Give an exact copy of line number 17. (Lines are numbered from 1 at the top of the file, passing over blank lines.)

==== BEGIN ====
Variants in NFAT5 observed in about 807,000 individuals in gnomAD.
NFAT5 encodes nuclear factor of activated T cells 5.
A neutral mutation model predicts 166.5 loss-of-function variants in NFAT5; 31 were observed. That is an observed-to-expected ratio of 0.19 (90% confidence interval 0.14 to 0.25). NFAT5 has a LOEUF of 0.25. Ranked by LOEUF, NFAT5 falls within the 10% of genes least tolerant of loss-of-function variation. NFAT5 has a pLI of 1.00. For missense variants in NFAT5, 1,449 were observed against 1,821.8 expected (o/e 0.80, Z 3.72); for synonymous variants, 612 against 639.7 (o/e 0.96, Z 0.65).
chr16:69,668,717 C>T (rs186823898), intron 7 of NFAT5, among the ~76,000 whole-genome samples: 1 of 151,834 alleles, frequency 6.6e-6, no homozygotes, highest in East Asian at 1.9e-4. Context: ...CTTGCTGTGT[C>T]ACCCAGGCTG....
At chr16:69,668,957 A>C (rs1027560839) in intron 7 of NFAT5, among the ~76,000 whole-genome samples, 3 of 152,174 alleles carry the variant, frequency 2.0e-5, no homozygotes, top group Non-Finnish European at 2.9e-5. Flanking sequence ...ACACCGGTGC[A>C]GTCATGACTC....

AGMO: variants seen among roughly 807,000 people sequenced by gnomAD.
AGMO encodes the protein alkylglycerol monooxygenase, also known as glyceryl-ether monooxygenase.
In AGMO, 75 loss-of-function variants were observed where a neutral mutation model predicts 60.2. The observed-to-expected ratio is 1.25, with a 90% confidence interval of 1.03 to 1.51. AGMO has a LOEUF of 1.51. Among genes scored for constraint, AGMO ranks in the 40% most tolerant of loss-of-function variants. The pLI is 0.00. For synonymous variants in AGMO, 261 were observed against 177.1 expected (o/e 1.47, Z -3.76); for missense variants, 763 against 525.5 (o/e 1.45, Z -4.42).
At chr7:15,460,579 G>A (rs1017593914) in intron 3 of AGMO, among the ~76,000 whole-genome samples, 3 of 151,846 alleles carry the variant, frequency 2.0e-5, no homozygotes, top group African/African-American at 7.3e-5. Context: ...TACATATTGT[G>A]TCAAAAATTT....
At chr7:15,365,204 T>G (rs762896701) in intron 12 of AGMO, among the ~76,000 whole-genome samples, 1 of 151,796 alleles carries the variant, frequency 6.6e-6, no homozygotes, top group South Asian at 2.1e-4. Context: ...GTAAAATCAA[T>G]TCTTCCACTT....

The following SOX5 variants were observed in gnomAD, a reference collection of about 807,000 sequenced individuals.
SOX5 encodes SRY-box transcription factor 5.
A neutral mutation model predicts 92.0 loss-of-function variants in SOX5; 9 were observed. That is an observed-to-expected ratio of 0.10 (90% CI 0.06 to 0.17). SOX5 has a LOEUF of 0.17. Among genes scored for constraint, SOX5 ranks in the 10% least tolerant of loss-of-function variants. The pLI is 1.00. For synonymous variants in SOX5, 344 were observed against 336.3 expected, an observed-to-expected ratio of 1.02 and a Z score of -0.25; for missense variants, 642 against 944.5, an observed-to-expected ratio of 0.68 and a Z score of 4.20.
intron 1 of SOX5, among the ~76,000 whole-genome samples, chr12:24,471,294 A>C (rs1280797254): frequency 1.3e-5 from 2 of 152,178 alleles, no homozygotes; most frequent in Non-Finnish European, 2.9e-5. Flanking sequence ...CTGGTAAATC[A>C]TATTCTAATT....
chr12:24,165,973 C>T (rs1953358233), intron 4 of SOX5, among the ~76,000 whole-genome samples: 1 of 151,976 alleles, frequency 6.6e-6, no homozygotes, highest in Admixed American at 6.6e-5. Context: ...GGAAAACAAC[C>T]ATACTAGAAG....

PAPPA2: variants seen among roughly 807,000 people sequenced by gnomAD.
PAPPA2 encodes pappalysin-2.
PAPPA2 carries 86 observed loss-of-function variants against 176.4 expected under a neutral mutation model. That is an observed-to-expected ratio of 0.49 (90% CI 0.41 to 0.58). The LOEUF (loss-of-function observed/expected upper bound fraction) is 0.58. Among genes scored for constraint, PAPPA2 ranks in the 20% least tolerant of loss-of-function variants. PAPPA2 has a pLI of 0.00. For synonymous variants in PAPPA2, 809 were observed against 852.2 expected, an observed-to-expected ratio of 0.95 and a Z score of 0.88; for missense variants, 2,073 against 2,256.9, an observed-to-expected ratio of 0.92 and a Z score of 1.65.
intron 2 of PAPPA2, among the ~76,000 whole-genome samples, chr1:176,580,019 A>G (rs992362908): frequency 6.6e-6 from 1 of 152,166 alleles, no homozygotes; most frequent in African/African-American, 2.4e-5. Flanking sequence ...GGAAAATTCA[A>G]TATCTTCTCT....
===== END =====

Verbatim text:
PAPPA2 encodes pappalysin-2.